The authors encourage those interested in teaching via alternative delivery methods to study related literature and consult with experts. These methods do present challenges that are not encountered in the classroom. Careful planning is crucial. For example, in the classroom, one may use a film or video produced by a university or business. However, when using these materials for video class delivery, additional lead-time must be allowed for correspondence with copyright holders requesting permission for such use. There may also be costs associated with getting permission to use the material.
When a person is teaching via video, one may have a tendency to feel that every second of tape must be filled. As a result prepared overheads and materials may be gone over too fast. Taking time to write out key points (as one would do in a classroom) was a technique used to assist the instructor in slowing down and proceeding at a pace conducive to the learner.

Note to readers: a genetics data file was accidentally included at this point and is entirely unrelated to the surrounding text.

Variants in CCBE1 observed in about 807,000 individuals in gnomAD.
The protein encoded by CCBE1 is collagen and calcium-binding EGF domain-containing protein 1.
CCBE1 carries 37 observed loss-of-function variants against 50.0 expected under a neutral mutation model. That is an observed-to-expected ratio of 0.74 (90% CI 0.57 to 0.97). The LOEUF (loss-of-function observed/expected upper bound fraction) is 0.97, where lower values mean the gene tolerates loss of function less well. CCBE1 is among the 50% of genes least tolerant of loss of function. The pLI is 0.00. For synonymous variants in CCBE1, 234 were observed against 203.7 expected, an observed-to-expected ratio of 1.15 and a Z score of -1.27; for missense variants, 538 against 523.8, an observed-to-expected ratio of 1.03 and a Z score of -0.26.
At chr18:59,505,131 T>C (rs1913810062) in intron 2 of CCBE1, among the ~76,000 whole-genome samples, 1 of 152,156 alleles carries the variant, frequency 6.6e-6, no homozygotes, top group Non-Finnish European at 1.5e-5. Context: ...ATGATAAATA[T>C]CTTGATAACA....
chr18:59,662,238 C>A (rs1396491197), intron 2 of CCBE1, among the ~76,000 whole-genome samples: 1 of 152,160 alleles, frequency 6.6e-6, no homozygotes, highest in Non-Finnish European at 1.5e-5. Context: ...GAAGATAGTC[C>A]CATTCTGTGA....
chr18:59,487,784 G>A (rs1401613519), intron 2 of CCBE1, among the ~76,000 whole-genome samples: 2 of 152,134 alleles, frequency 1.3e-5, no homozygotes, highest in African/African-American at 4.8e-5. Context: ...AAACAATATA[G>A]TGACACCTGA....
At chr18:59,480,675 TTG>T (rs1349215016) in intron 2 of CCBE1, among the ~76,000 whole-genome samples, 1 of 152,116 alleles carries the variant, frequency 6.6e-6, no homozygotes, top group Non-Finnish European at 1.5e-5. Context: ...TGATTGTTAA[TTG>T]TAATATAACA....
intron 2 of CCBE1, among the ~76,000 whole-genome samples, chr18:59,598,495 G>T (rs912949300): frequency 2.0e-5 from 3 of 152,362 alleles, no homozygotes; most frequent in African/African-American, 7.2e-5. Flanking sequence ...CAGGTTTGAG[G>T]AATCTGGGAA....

Lesson objectives must be clearly presented at the beginning of each session. Worksheets, outlines, study guides, and other materials need to be sent to the student at the time of, or prior to the delivery of the tape. Many of these materials can be sent directly to the student electronically.
The important item to remember with the use of any alternative delivery method is, do not let the messenger (the medium) become the message. With new technology comes the temptation to use all the 'bells and whistles'. That is fine, just be sure that they can be used effectively. Too often an instructor spends more time messing with the equipment than in providing the lesson. This is extremely frustrating.